Investing during a recession
In times of uncertainty, when share markets and interest rates are falling, along with declines in consumer and business confidence, investors often question if their money is safe and if it’s still going to meet their long-term investment goals.
But whether it’s a period of sustained volatility due to a global financial crisis, a medical pandemic, or a recession, the basic rules of investing hold true.
Keep a level head
It’s almost thirty years since Australia last experienced a recession, so for many investors where to put money during a recession isn’t something they’ve had to think about before.
We understand you’re probably concerned about your investments and wondering what to invest in if Australia does enter a recession. Volatility isn’t something investors enjoy.
The pain of losing is significantly more powerful than the pleasure of gaining, which makes us more likely to overreact during market downturns than when the market is booming.
To help your investments continue to work hard for you, we’ve outlined four simple strategies you could consider.
Invest for the long term
If you’re a long-term investor (with a time horizon of 10+ years), don’t let emotion get in the way of sensible decision making.
Selling out of your investments and moving to cash may seem like a safe option, but you’ll potentially be crystallising your losses and missing out on any opportunities that could arise when the market rebounds.
We recommend you seek good advice at the start, so you have a plan to realise your investment dreams, leaving you to get on with enjoying your life.
You’re not a professional investor, it’s not what you do for a living, so there’s no need to fear every daily movement in the share market.
Try to invest regularly
Volatility doesn’t necessarily result in poor investment outcomes. It can present opportunities.
The principle of investing regularly, regardless of whether the market is rising or falling, allows you to buy more of an asset when prices are low and buy less when prices are high.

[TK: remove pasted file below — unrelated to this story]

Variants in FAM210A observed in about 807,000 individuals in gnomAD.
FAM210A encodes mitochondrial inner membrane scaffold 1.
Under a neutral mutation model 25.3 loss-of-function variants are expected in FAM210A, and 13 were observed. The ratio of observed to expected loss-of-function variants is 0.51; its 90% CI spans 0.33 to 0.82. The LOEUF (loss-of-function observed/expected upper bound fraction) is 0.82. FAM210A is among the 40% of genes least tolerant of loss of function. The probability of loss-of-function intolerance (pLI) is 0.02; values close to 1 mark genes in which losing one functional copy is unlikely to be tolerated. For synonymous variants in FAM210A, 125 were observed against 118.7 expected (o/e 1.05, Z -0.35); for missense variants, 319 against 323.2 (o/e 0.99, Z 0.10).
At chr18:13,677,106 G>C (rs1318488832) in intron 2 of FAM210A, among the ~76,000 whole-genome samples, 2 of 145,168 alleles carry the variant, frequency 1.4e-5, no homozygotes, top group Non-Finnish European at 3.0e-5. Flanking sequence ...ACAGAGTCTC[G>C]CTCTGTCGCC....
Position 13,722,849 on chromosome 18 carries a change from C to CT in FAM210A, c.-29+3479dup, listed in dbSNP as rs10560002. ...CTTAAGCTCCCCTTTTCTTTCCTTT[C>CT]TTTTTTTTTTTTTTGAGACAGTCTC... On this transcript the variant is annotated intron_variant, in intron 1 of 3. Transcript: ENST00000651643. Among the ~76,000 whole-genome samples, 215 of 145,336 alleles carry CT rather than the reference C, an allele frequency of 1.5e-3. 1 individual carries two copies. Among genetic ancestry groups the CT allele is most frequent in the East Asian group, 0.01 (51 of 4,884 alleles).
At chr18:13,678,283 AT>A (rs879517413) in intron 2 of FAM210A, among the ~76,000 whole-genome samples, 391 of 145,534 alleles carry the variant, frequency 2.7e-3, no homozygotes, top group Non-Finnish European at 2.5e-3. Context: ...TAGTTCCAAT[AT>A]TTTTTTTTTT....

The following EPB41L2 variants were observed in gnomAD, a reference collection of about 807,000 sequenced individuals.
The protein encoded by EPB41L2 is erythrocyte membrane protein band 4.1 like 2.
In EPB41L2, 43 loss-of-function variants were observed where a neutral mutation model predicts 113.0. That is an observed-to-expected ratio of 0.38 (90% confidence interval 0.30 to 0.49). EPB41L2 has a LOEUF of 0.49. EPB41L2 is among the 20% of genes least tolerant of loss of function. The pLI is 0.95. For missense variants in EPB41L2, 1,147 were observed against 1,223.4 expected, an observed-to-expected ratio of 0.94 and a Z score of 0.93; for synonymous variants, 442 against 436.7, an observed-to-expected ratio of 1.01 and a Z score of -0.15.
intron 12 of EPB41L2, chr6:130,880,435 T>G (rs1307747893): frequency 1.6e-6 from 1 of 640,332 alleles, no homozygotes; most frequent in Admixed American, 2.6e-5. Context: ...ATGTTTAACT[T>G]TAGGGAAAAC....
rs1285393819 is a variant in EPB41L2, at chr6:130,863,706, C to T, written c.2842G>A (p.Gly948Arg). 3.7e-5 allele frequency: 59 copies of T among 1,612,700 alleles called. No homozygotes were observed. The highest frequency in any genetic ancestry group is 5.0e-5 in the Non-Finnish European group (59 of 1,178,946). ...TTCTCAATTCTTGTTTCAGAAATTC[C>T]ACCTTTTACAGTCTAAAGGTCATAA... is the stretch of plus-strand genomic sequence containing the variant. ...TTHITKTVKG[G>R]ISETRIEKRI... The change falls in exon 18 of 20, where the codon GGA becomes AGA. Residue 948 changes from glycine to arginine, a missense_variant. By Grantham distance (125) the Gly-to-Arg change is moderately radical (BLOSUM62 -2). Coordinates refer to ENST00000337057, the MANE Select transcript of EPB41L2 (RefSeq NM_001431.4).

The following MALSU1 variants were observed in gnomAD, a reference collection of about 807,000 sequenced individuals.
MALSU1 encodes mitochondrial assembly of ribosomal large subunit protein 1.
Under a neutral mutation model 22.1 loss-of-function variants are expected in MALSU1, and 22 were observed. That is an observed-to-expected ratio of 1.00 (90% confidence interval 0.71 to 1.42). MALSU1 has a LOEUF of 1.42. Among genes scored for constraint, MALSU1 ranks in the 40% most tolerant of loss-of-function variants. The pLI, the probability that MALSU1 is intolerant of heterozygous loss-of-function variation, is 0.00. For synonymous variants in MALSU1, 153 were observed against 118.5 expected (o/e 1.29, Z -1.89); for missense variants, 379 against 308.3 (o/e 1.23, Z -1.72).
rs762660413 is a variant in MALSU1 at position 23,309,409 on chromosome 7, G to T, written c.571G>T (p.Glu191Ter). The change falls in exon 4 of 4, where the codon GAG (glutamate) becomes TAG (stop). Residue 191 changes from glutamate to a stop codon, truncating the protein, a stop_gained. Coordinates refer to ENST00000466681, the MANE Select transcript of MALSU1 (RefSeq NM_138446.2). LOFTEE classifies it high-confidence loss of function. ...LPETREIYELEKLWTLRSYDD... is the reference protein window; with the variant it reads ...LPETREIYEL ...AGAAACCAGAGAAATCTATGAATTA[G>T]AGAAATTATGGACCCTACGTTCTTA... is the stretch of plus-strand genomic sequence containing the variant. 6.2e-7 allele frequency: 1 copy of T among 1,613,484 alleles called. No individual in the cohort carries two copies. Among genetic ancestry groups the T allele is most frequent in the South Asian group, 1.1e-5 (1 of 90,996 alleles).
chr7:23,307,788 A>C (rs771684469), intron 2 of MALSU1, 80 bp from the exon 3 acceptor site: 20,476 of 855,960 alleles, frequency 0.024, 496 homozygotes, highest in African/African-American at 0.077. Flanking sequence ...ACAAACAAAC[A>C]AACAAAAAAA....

Known as “dollar cost averaging”, not only will this average out over the long term, resulting in a better average price for the assets, but you’ll also potentially hold more of an asset, which will be beneficial when prices rise again.
Be sensible and leave the decisions to the professionals
Market timing is an investment strategy used to try and ‘beat’ the share market by predicting its movements and buying and selling accordingly.
It’s the exact opposite of the long term ‘buy-and-hold’ strategy, where an investor buys shares or assets and holds them for a long time, designed to ride out periods of market volatility.
According to Morningstar, investors would need to be correct 70% of the time to get any benefit from an active market timing strategy.
This is almost impossible to achieve, even for market professionals. You’re more likely to miss some of the best days of the market rather than picking them correctly.
Allow diversification to spread your risk
Not only is it difficult to time the market correctly, but it’s also hard to predict which asset class will perform best in any given year.
Last year’s best performing asset class can easily become next year’s worst, or vice versa.
Many investors choose to manage this by diversifying their investments across different asset classes (shares, bonds, cash etc.) and create a portfolio that’s based on their risk tolerance, time horizon and investment goals.
However, it’s important to understand that diversification doesn’t mean you’ll avoid market volatility completely.
Even with a well-diversified portfolio, your investments could still potentially experience periods of what you’d probably deem underperformance.
Staying positive during market downturns
The most important thing you can do during market downturns is not panic.
Stay emotionally strong and ensure your investments remain aligned to your investment goals.
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